US President Barack Obama has called for an end to the construction of artificial islands in the disputed regions of the South China Sea.
Obama said on Saturday that countries should stop building artificial islands and militarizing their claims in the disputed South China Sea.
"For the sake of regional stability, the claimants should halt reclamation, construction and militarization of disputed areas," Obama told a meeting between US authorities and leaders of the 10 Association of South East Asian Nations (ASEAN) in the Malaysian capital, Kuala Lumpur.
China stresses its sovereignty over most of the South China Sea, a claim that overlaps with four ASEAN countries. China has been transforming reefs in the Spratly archipelago into artificial islands and has built airfields and other facilities on them.
Some $5 trillion in ship-borne trade passes through the strategic waterway annually.
Obama said he commended ASEAN for working to create a code of conduct for the South China Sea "including the peaceful resolution of disputes, freedom of navigation and freedom of overflight."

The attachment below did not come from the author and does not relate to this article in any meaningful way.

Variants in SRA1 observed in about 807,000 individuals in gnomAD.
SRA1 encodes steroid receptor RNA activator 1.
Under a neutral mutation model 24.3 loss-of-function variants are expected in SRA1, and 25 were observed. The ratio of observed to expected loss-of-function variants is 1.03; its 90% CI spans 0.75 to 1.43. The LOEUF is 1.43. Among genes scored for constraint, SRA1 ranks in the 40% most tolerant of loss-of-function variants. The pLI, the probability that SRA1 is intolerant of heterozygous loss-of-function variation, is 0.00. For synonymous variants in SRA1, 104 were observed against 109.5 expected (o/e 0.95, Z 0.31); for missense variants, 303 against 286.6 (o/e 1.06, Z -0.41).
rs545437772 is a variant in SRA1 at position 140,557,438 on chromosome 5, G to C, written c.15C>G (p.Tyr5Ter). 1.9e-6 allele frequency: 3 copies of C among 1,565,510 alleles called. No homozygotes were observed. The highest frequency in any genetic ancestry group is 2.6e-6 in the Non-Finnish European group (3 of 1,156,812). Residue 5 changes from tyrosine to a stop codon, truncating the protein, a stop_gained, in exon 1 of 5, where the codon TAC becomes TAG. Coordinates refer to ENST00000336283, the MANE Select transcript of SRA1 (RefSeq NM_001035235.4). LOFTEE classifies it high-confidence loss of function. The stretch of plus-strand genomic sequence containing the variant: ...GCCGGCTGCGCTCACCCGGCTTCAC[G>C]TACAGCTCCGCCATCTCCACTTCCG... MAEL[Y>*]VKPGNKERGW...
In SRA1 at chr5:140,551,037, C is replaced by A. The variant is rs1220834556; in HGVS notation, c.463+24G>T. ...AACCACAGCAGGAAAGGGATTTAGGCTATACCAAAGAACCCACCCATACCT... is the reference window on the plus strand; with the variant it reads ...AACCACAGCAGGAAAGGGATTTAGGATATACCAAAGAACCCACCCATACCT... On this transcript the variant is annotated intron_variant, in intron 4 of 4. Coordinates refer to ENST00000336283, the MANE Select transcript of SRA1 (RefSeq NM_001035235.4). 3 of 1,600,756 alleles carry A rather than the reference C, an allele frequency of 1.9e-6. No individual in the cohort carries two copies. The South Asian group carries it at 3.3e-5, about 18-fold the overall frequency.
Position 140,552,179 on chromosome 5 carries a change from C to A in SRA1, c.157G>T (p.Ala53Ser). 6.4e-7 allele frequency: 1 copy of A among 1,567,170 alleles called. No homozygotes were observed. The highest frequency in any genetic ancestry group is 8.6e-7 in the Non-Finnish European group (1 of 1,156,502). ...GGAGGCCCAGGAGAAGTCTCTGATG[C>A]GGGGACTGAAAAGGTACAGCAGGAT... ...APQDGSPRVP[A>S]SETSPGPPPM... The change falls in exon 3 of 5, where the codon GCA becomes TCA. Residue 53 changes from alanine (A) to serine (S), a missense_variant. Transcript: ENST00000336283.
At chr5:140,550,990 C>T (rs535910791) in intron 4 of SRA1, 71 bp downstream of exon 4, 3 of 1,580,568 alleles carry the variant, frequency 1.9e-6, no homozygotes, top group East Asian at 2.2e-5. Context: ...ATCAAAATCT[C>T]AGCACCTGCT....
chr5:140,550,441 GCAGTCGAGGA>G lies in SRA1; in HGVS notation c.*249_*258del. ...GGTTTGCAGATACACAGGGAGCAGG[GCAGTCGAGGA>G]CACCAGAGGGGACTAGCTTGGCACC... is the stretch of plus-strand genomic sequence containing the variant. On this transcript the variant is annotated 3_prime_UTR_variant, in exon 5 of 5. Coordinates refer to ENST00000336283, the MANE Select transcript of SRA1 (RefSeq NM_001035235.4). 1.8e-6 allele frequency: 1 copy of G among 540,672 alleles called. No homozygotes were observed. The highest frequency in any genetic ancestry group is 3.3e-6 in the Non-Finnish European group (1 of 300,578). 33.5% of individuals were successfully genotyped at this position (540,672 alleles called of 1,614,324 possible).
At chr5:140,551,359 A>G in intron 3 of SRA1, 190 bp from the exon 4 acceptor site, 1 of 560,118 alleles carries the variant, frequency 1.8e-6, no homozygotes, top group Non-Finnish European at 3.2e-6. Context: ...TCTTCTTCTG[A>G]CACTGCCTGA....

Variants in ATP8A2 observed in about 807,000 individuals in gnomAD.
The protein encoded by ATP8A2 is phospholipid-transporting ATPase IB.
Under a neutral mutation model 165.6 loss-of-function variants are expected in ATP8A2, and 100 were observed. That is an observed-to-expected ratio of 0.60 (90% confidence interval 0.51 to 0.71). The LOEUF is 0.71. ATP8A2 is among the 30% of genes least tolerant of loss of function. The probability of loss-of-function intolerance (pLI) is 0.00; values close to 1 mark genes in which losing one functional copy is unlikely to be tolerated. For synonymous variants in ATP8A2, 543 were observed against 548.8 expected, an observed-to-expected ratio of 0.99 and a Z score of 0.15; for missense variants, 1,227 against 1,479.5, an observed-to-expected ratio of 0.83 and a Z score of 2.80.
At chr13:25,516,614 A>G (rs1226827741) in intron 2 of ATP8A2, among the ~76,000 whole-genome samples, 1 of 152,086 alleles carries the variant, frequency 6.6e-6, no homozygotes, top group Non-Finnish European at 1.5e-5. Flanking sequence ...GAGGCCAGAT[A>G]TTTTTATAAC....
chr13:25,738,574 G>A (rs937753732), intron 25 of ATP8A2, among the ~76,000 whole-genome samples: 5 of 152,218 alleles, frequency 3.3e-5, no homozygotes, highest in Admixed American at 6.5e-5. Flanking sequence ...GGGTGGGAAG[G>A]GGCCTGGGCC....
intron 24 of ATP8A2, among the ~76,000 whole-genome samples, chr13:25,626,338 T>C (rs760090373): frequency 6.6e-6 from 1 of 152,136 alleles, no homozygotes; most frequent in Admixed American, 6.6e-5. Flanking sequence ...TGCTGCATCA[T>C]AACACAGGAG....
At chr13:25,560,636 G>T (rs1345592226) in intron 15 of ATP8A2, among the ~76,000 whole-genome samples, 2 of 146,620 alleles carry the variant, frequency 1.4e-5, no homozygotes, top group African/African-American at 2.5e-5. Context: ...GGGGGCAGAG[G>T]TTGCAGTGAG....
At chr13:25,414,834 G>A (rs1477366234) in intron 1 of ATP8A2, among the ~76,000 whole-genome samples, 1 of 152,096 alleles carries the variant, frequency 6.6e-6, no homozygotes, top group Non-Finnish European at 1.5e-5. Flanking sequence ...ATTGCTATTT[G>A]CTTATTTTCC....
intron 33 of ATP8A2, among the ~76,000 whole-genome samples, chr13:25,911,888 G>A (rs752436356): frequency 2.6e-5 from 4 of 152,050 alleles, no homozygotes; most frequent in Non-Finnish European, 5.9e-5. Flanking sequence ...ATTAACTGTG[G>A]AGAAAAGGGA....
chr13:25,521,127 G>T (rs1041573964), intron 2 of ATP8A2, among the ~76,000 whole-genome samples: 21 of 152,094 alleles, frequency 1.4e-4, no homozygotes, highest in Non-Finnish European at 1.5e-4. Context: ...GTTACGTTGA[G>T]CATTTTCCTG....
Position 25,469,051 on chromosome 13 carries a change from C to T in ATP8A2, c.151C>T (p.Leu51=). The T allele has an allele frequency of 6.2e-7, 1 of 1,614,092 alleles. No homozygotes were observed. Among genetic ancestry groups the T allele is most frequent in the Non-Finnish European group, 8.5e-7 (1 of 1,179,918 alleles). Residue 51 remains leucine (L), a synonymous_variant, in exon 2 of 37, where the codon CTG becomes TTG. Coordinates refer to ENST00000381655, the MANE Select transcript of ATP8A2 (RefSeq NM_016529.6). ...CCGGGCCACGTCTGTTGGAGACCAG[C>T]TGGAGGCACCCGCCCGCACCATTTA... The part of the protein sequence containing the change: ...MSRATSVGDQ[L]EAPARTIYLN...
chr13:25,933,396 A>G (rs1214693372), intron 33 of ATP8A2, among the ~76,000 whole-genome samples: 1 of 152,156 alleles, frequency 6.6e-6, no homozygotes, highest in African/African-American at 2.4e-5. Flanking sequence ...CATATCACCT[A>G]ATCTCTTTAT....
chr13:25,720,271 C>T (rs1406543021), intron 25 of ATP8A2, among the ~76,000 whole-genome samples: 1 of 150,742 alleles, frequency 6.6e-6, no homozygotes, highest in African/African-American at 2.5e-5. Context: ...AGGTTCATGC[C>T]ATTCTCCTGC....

Earlier this month, US B-52 bombers flew near China's artificial islands, prompting criticisms from Beijing which views such moves as provocations.
More US Navy Moves Around China
Meanwhile, new reports suggest the US Navy will likely carry out another patrol within 12 nautical miles of artificial islands in the South China Sea before the end of the year.
The USS Lassen, a guided missile destroyer, last month sailed close to one of China's man-made islands in the Spratly archipelago.
A US defense official said this month the Navy planned two or more patrols a quarter in the region as part of its plan to regularly exercise its rights under international law and remind China and others about its view.
In a report published on the Chinese defense ministry's website on Thursday, China's top admiral, Wu Shengli, said his forces have shown "enormous restraint" in the face of US provocations in the South China Sea, while warning they stand ready to respond to repeated breaches of Chinese sovereignty.